Sorry for rambling, but I hope it helped!
amber

PS: My course was 'hosted' by Adventure Risk Management there in SoCal, and the course took place on some land held by the UC System in the San Jacinto Mountains. Feel free to PM with any questions.



[ This Message was edited by: clymbr_chk on 2002-12-31 09:28 ]


micronut


Dec 31, 2002, 9:30 AM
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I took a weekend avalanche course with Telluride Helitrax when I was in high school. Then, I thought I knew something and almost got the "chop" a few times.

In my book, there is no substitute for going out regularly during the season and paying attention to conditions, every day if possible. I devolp a "feel" for the snowpack, and know what, if anything, has changed. When I travel to a different area, I try to find locals who I know know their stuff, and then get a good consoltation.

P.S. it looks like Mt. Baldy is coming into condition, anybody down to hit the only "real" skiing in So.CAl.? Backcountry, of course.


galt


Dec 31, 2002, 10:14 AM
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  I took my WFR course through WMA (Wilderness Medical Associates http://www.wildmed.com) because I knew I lacked the knowledge to respond in an emergency.
I'm an R.A. (Resident Assistant) at my college and we have a Police (not rent a cop) and Fire Department on campus. I responded to a girl having a Grand Mal seizure on my floor and it took the Police 10 min. to come after the 911 call. I held this girl in my arms for another 10 min. after the Police arrived waiting for the Paramedics to show up. I did what I could with the knowledge I had, but knew I needed more. So I made up my mind to take a WFR course because I knew it was the most for my buck. If I had my way I would have taken EMT or WEMT classes, but those were longer and much more expensive.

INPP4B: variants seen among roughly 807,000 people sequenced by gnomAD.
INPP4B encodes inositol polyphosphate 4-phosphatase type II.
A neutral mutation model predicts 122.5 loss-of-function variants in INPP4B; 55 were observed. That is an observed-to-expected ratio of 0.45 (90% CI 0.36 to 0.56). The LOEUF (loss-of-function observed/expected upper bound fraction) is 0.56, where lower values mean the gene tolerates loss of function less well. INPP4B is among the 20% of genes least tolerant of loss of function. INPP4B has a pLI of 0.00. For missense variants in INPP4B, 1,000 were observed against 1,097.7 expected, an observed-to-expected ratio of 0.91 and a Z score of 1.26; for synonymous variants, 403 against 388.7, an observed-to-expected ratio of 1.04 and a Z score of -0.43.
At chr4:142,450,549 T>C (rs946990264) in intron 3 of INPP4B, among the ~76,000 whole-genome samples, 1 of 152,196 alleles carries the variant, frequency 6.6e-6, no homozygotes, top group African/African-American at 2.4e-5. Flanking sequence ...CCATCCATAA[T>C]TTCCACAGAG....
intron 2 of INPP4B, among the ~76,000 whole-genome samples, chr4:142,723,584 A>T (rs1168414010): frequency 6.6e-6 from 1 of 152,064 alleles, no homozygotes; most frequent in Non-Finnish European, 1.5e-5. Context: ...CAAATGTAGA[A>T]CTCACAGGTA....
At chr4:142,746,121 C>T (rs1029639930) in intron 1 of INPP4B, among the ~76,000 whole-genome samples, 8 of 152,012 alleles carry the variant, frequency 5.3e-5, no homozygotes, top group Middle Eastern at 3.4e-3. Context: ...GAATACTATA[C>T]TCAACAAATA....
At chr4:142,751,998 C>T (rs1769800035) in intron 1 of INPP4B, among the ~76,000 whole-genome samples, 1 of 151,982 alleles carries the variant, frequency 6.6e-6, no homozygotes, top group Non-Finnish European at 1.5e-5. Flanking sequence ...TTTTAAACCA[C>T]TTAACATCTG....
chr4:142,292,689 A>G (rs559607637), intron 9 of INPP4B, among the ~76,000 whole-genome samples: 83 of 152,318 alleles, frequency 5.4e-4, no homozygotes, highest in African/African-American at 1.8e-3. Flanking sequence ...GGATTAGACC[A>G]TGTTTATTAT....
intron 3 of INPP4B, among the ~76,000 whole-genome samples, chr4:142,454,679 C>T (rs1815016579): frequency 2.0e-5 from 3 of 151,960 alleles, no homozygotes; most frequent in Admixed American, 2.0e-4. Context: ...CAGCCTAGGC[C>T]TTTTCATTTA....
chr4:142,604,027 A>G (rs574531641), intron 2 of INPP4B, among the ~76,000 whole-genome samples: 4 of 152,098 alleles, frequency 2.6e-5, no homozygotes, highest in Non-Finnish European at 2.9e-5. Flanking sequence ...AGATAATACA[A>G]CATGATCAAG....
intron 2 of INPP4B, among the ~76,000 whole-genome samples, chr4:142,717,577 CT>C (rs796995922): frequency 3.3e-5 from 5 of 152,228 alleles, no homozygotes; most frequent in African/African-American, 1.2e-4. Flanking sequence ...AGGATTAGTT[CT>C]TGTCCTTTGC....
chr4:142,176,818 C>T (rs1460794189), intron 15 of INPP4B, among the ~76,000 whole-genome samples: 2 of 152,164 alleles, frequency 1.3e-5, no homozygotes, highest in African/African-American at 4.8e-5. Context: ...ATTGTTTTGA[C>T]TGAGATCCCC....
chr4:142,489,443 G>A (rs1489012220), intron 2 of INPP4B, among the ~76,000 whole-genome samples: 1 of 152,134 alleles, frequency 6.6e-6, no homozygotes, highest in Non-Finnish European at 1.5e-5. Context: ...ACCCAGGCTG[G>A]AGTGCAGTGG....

I spent $450 (for the course and a place to sleep) for the 10-day class. Possibly the best $450 I've ever spent.
After my course I've responded to 1 Dehydrated Unconscious Person, 1 Heat Exhaustion, 1 GriGri and steel biener falling on someone's head from 35 ft. (bled badly), 1 cut wrist, and many small cuts bruises and burns.
Those all occurred around me in the places I work (R.A., Rock Climbing Gym) and places I go on a regular basis (swimming pool). I say the world is a dangerous place, might as well be prepared for as much as you can.
Hope this helps someone.


[ This Message was edited by: galt on 2002-12-31 10:17 ]


coclimber26


Dec 31, 2002, 10:39 AM
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don't you need to take that class to get your guiding license?


alpnclmbr1


Dec 31, 2002, 11:15 AM
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Hey Amber sounds good, when I took the course most everyone was doing it for a job to.
Thanks for the link and info, the bridge course beta sounds usefull. Congrats on being a single mom and still getting out and living life

Jay: sounds like you have a good plan, when I was in estes we kept a data pit going all winter and took turn going to it, and doing updates. Is there a cali avy forecast.
Ps. I could be into doing your tour sometime, Iím way out of date for the high desert beta

Dailey: wish I was as smart as you are when I was 21, and it would agree, it is one of the best investments in time and money you can make.
thanks to all
keep it coming